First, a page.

Monetizing apps: Experts warn of backlash for automakers

Then there are those services that improve safety and security. Farley described these as akin to the Ring home security system many consumers have. Such an application would record video and data that could help unravel liability in crashes or help parents monitor teenage drivers, he said.

Alan Wexler, senior vice president of innovation and growth at General Motors, said the company’s ability to develop an ecosystem of apps could lead to annual revenue on a par with companies such as Netflix and Peloton — about $25 billion by 2030.

In August, GM began requiring buyers of new Buick and GMC vehicles to pay $1,500 for a three-year subscription to OnStar, its long-standing in-vehicle safety, security and connectivity service. Previously, OnStar was an optional service. It now has about 4.2 million paying subscribers.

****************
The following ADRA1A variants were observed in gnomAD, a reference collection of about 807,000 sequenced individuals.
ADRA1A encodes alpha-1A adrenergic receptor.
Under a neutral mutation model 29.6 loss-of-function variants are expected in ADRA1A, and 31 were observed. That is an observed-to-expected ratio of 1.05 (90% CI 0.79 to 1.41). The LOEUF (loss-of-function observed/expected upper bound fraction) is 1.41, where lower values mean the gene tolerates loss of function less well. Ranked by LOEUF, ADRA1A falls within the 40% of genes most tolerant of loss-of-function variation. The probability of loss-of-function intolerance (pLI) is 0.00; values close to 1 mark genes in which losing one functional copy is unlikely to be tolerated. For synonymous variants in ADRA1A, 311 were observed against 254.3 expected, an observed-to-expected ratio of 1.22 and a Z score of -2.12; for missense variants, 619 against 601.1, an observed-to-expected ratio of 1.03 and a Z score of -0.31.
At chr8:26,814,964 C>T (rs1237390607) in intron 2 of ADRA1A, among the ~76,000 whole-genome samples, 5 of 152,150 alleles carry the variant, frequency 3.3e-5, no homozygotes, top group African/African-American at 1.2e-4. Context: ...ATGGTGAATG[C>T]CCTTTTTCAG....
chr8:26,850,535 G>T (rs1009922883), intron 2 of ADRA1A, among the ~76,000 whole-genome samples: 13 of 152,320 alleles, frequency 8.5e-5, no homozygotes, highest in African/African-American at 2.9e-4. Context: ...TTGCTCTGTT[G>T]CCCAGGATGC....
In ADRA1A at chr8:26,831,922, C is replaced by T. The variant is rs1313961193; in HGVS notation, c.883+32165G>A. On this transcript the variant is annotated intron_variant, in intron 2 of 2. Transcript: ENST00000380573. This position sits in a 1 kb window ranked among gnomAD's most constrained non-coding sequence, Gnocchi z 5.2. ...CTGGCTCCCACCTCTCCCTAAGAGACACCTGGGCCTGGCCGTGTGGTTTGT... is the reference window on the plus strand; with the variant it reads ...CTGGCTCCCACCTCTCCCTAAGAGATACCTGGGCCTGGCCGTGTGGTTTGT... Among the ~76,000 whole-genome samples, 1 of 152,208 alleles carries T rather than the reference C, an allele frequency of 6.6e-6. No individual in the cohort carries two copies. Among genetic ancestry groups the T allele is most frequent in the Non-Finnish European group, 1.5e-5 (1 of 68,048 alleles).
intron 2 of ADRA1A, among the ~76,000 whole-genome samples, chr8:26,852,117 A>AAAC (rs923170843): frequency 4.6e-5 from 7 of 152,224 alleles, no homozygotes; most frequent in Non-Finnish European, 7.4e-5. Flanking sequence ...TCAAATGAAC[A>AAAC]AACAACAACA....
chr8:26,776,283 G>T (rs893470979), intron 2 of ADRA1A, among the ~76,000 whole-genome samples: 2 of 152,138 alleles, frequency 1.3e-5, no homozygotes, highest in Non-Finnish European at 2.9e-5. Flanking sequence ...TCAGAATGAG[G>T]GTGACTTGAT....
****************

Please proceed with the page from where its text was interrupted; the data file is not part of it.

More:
Stellantis, meanwhile, plans to generate about $20 billion in software-related revenue by 2030 from services and subscriptions.

Yet despite such optimistic overtures by automakers, they face multiple challenges as they attempt to develop and monetize a robust ecosystem of paid apps and subscription-based services.

An April survey by Cox Automotive found that consumers are hesitant to pay extra for apps and subscription services in the vehicle. Three-quarters of 217 consumers surveyed said they would not be willing to pay an annual or monthly subscription fee for access to additional vehicle features, particularly when it comes to safety and comfort.

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